Toronto parents fear daycare fee hike

Only the wealthy will be able to afford daycare if Toronto city council follows through on a proposal to cut funds to school-based child-care centres, concerned parents say.

Only the wealthy will be able to afford daycare if Toronto city council follows through on a proposal to cut funds to school-based child-care centres, concerned parents say.

"It's your lower- to middle-income parents…so you'll have a situation where only those that are very wealthy will be able to afford a space in a daycare centre," said Virginia Thomson. She is worried because her daughter Jessica, who is eight-months pregnant, needs daycare as a graduate student at Ryerson University.

"She has the right to continue to study and her husband to work," Thomson said.

Parents already pay as much as $1,000 a month for daycare. If councillors approve cuts to the city's school-based daycare centres, Thomson's daughter would pay an additional $500 a year.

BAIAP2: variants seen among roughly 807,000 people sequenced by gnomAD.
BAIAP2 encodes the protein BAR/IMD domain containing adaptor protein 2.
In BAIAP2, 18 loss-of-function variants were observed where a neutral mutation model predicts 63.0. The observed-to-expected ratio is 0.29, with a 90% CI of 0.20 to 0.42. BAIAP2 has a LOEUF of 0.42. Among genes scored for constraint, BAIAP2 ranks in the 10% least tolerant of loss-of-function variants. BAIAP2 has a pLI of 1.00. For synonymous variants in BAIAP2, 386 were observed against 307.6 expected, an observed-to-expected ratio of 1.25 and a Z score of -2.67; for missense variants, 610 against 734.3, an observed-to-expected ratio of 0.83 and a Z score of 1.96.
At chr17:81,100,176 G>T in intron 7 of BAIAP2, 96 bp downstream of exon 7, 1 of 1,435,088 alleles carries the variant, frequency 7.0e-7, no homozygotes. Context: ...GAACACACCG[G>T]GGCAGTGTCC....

The proposed cuts would affect the city's 13-year agreement with school boards, which sees the city pay about $5 million toward costs such as heat and hydro. About 400 child-care centres would see their funding diminish, shifting the burden to parents.

"If we tear up this agreement, it's quickly seen by our councillors that the costs skyrocket for child-care programs," said Jane Mercer of the Toronto Coalition for Better Child Care.

The cuts would save the city about $3 million.

'We can't afford this'

The same issue came up in 2010 when councillors were debating cuts to the city's budget. Parents and child-care advocates were outraged by the proposal.

"Each time that it's come up parents have spoken out," Thomson said. "They said, 'We can't afford this.' "

The city — which is facing members of the public during budget deputations Wednesday and Thursday — has recently said it's looking to the provincial government to solve its daycare woes.

A November report prepared for the Toronto community development and recreation committee said the repercussions of the province's plan to shift all four- and five-year-olds to full-day kindergartens by 2014 could mean a loss of subsidies and child-care spaces and increased costs to parents.

The report said more than half the child-care centres — many in Toronto's poorest neighbourhoods — could shut their doors unless more money is provided by Queen's Park.

The daycares need the money, the report said, to renovate their spaces to look after younger children.

"Without the province properly coming to the table there will not be a child-care program in this city," Coun. Giorgio Mamolitti, the committee chair, said at the time.